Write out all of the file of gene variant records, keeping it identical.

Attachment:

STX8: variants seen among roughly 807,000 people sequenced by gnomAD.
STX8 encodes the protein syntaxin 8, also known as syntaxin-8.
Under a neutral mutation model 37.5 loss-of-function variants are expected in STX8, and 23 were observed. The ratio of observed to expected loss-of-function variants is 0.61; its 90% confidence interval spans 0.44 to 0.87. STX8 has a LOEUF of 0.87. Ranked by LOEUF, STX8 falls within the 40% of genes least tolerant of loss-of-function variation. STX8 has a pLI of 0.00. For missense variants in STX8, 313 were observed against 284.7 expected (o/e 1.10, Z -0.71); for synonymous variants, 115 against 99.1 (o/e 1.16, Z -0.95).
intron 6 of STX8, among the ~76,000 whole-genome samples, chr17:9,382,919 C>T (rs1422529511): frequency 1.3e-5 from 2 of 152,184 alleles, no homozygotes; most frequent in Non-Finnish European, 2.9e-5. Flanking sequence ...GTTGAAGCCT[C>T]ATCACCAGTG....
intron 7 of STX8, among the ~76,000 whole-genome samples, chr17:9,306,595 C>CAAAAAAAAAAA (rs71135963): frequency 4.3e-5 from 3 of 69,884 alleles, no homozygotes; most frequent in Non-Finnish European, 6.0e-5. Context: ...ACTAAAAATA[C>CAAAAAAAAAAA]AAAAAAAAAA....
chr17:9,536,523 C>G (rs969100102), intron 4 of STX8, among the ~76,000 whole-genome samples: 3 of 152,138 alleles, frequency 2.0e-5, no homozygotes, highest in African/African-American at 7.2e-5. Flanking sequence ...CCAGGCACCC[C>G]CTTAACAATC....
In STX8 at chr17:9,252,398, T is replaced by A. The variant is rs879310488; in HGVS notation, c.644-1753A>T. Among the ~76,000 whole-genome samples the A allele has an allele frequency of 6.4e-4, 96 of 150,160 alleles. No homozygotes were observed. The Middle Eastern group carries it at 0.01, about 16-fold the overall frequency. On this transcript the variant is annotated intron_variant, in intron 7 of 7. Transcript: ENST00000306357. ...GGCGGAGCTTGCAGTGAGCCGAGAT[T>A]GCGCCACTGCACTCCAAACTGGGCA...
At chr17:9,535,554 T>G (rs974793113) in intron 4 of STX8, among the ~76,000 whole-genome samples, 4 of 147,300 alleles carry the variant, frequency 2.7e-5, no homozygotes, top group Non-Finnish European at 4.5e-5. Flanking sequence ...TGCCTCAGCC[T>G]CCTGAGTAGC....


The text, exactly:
STX8: variants seen among roughly 807,000 people sequenced by gnomAD.
STX8 encodes the protein syntaxin 8, also known as syntaxin-8.
Under a neutral mutation model 37.5 loss-of-function variants are expected in STX8, and 23 were observed. The ratio of observed to expected loss-of-function variants is 0.61; its 90% confidence interval spans 0.44 to 0.87. STX8 has a LOEUF of 0.87. Ranked by LOEUF, STX8 falls within the 40% of genes least tolerant of loss-of-function variation. STX8 has a pLI of 0.00. For missense variants in STX8, 313 were observed against 284.7 expected (o/e 1.10, Z -0.71); for synonymous variants, 115 against 99.1 (o/e 1.16, Z -0.95).
intron 6 of STX8, among the ~76,000 whole-genome samples, chr17:9,382,919 C>T (rs1422529511): frequency 1.3e-5 from 2 of 152,184 alleles, no homozygotes; most frequent in Non-Finnish European, 2.9e-5. Flanking sequence ...GTTGAAGCCT[C>T]ATCACCAGTG....
intron 7 of STX8, among the ~76,000 whole-genome samples, chr17:9,306,595 C>CAAAAAAAAAAA (rs71135963): frequency 4.3e-5 from 3 of 69,884 alleles, no homozygotes; most frequent in Non-Finnish European, 6.0e-5. Context: ...ACTAAAAATA[C>CAAAAAAAAAAA]AAAAAAAAAA....
chr17:9,536,523 C>G (rs969100102), intron 4 of STX8, among the ~76,000 whole-genome samples: 3 of 152,138 alleles, frequency 2.0e-5, no homozygotes, highest in African/African-American at 7.2e-5. Flanking sequence ...CCAGGCACCC[C>G]CTTAACAATC....
In STX8 at chr17:9,252,398, T is replaced by A. The variant is rs879310488; in HGVS notation, c.644-1753A>T. Among the ~76,000 whole-genome samples the A allele has an allele frequency of 6.4e-4, 96 of 150,160 alleles. No homozygotes were observed. The Middle Eastern group carries it at 0.01, about 16-fold the overall frequency. On this transcript the variant is annotated intron_variant, in intron 7 of 7. Transcript: ENST00000306357. ...GGCGGAGCTTGCAGTGAGCCGAGAT[T>A]GCGCCACTGCACTCCAAACTGGGCA...
At chr17:9,535,554 T>G (rs974793113) in intron 4 of STX8, among the ~76,000 whole-genome samples, 4 of 147,300 alleles carry the variant, frequency 2.7e-5, no homozygotes, top group Non-Finnish European at 4.5e-5. Flanking sequence ...TGCCTCAGCC[T>G]CCTGAGTAGC....